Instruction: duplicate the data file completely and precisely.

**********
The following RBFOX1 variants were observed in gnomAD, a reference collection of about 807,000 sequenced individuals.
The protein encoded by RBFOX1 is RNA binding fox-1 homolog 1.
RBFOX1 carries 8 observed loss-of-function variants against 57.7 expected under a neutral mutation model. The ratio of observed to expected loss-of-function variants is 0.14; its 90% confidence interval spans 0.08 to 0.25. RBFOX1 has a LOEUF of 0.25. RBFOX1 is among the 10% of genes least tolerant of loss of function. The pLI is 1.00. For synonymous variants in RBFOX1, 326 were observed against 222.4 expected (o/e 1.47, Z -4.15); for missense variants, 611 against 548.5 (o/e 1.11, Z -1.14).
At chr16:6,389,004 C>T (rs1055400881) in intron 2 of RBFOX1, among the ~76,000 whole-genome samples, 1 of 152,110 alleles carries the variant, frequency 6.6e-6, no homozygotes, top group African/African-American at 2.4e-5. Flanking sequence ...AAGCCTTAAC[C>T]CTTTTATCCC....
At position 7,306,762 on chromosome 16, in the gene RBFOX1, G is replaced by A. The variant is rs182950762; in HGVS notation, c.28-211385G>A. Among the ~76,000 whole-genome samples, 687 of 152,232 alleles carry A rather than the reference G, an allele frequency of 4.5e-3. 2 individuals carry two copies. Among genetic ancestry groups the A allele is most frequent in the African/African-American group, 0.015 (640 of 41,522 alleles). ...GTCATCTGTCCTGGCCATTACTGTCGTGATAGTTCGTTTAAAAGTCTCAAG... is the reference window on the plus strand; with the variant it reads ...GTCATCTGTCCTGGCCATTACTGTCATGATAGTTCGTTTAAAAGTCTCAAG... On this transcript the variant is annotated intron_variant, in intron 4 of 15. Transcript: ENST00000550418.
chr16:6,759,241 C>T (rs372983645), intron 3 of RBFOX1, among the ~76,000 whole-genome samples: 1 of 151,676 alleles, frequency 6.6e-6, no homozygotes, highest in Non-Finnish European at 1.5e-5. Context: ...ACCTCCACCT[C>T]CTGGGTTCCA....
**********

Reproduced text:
The following RBFOX1 variants were observed in gnomAD, a reference collection of about 807,000 sequenced individuals.
The protein encoded by RBFOX1 is RNA binding fox-1 homolog 1.
RBFOX1 carries 8 observed loss-of-function variants against 57.7 expected under a neutral mutation model. The ratio of observed to expected loss-of-function variants is 0.14; its 90% confidence interval spans 0.08 to 0.25. RBFOX1 has a LOEUF of 0.25. RBFOX1 is among the 10% of genes least tolerant of loss of function. The pLI is 1.00. For synonymous variants in RBFOX1, 326 were observed against 222.4 expected (o/e 1.47, Z -4.15); for missense variants, 611 against 548.5 (o/e 1.11, Z -1.14).
At chr16:6,389,004 C>T (rs1055400881) in intron 2 of RBFOX1, among the ~76,000 whole-genome samples, 1 of 152,110 alleles carries the variant, frequency 6.6e-6, no homozygotes, top group African/African-American at 2.4e-5. Flanking sequence ...AAGCCTTAAC[C>T]CTTTTATCCC....
At position 7,306,762 on chromosome 16, in the gene RBFOX1, G is replaced by A. The variant is rs182950762; in HGVS notation, c.28-211385G>A. Among the ~76,000 whole-genome samples, 687 of 152,232 alleles carry A rather than the reference G, an allele frequency of 4.5e-3. 2 individuals carry two copies. Among genetic ancestry groups the A allele is most frequent in the African/African-American group, 0.015 (640 of 41,522 alleles). ...GTCATCTGTCCTGGCCATTACTGTCGTGATAGTTCGTTTAAAAGTCTCAAG... is the reference window on the plus strand; with the variant it reads ...GTCATCTGTCCTGGCCATTACTGTCATGATAGTTCGTTTAAAAGTCTCAAG... On this transcript the variant is annotated intron_variant, in intron 4 of 15. Transcript: ENST00000550418.
chr16:6,759,241 C>T (rs372983645), intron 3 of RBFOX1, among the ~76,000 whole-genome samples: 1 of 151,676 alleles, frequency 6.6e-6, no homozygotes, highest in Non-Finnish European at 1.5e-5. Context: ...ACCTCCACCT[C>T]CTGGGTTCCA....